Digital Diplomacy

Economic Security and Critical Materials

Background

‘Critical Materials’ refers to a groups of rare earth elements and metals used in advanced manufacturing and technologies such as magnesium, tungsten, antimony, gallium, germanium, niobium, helium, tantalum, vanadium, scandium, lithium , iridium, platinum, chromium, cobalt, coking coal, natural graphite, silicon metal, and manganese.

Critical materials are crucial to modern economies. These materials are used for the production of key components of modern devices such as touch screens, fibre optics and play a key role in Defence and Aerospace technology. These materials can be found, however, in only a small number of locations in the world in commercial quantities. Many of these locations are in active conflict zones or in countries that are controlled by authoritarian governments. This poses an active security challenge to Australia and like-minded democracies who depend on these materials to fuel their modern economies.

The Key Issues

There are a number of key issues regarding the supply and demand of critical materials. These include:

  • The location of deposits of critical materials, including, but not confined to the rare earth elements;
  • The ownership and control of these deposits;
  • The refining process, which is complex, costly and often environmentally unfriendly because of the noxious waste produced;
  • Financing across the value chain, but in particular of refineries;
  • Timelines to address potential vulnerability to monopoly and trade controls: Even assuming finance is available, the time to bring a refinery online, with the requisite environmental and other approvals, is measured in many years;
  • The absence of a coherent public narrative about strategic materials and how market-based economies may need to adapt strategically to the challenges involved in limited or controlled supply.

What’s at Stake

China currently accounts for 70% of the global supply of these materials. This gives China significant economic leverage and potential coercive power over developed economies that rely on these materials to fuel their economies. These materials are crucial components of a wide-range of technologies including, for example, renewable energy systems. In a risk analysis of the European solar and wind industries, Rabe, Kostka and Stegen argue that concentration of materials such as tellurium, indium, gallium, neodymium and dysprosium leaves the European Union at risk of China’s increasingly controlled approach to industrial policy in which the exportation of these materials has become limited. Further, China has already shown a willingness to use these materials to economically coerce other countries, such as Japan. Australia happens to be one of the few countries in which there is sufficient supply of a number of critical materials, however Australia does not currently have an industry that supports the transformation of these materials into products of value that can be exported.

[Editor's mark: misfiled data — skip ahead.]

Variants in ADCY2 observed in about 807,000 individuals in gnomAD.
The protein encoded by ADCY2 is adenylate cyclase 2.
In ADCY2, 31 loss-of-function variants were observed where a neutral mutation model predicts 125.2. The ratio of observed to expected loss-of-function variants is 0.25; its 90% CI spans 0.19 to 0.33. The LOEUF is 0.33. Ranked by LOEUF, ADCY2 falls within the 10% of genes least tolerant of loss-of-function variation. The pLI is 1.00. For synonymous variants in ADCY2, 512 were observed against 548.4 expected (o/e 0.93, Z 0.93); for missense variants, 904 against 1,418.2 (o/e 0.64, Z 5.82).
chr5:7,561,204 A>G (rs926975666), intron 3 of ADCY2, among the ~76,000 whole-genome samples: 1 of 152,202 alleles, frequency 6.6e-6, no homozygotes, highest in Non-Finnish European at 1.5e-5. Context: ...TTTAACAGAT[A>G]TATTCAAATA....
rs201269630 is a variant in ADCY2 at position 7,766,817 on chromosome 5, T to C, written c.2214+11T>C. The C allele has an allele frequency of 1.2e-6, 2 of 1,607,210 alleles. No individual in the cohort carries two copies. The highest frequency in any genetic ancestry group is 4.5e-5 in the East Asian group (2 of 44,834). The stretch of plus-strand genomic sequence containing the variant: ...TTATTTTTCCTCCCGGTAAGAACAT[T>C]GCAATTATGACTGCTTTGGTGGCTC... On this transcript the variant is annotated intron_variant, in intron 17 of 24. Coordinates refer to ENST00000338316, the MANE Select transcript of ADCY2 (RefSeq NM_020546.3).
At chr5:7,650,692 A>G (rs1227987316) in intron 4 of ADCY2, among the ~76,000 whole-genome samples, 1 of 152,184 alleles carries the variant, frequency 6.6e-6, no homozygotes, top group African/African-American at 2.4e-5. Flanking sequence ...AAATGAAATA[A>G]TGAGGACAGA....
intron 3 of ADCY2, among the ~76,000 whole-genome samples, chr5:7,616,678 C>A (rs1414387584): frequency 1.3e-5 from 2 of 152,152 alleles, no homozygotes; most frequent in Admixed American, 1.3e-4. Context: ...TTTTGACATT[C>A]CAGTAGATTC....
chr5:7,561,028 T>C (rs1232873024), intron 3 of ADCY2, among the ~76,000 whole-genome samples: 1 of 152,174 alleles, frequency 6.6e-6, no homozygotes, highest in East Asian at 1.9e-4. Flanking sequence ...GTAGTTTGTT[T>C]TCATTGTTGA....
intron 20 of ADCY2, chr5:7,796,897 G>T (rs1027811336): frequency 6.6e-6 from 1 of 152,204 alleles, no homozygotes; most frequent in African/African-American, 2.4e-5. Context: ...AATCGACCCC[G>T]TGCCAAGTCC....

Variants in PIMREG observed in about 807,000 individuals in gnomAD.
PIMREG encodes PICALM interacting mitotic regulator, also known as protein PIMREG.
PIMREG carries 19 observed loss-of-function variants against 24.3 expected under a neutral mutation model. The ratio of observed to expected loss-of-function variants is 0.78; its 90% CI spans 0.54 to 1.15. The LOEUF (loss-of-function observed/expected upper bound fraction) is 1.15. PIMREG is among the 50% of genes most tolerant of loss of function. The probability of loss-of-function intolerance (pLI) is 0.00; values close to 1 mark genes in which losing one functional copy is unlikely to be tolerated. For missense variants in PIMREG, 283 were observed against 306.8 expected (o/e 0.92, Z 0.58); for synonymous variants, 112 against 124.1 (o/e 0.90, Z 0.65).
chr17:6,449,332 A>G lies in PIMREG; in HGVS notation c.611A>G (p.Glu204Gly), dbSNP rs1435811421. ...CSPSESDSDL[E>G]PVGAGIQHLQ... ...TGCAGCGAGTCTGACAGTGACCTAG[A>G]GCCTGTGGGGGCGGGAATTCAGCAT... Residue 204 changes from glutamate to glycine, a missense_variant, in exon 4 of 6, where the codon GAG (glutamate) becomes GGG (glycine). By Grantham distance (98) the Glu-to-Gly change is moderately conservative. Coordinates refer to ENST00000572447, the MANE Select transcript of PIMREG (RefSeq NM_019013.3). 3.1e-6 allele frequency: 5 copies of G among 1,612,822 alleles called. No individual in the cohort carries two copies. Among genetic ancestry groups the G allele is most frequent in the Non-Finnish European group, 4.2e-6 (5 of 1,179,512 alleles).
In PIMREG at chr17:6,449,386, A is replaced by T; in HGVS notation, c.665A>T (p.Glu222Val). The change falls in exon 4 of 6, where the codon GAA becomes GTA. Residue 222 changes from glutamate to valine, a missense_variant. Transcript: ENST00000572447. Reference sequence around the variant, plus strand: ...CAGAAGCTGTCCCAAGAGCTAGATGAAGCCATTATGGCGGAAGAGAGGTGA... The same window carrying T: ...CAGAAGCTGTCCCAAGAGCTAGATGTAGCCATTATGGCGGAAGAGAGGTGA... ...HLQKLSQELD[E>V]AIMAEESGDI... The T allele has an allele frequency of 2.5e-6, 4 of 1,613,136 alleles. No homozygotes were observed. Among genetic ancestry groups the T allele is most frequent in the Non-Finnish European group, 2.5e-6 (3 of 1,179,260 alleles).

What Next?

To address this security challenge, Australia needs to make considerable policy choices now to ensure its medium and long-term economic independence. The Institute proposes that Australia:

  • Consider strategic funding and investment in industry support and infrastructure. In doing this, Australia will be able to expand and sustain the discovery, extraction and perhaps most importantly, the processing of critical materials.
  • Pursue and promote multilateral cooperation with like-minded democracies. Cooperation and discussion should be geared around the financing, mining, processing and trade of critical materials as a means to reduce dependence on states that pose geo-economic or geopolitical risk to the global market.

In Depth Reading

For more information and in-depth research, the following detailed publications are useful:

Critical Materials for the 21st Century Indo-Pacific

Australia’s Critical Minerals Strategy 2019

Critical Raw Materials in Europe

Digital Resource

Economic Security and Critical Materials. Digital Engagement Series. Canberra, Australia: Institute For Regional Security, 2019. https://www.youtube.com/watch?v=2RCYcKLMerc.

References

Hastie, Hamish. “Miners Look to Government to Protect ‘Vitamins of Industry.’” The Sydney Morning Herald, September 27, 2019. https://www.smh.com.au/business/the-economy/miners-look-to-government-to-protect-vitamins-of-industry-20190927-p52vk4.html.

Rabe, Wiebke, Genia Kostka, and Karen Smith Stegen. “China’s Supply of Critical Raw Materials: Risks for Europe’s Solar and Wind Industries?” Energy Policy 101 (February 1, 2017): 692–99. https://doi.org/10.1016/j.enpol.2016.09.019.

Wilson, Jeffrey. “Critical Materials for the 21st Century Indo-Pacific.” Perth, Australia: Perth USAsia Centre, May 2019.

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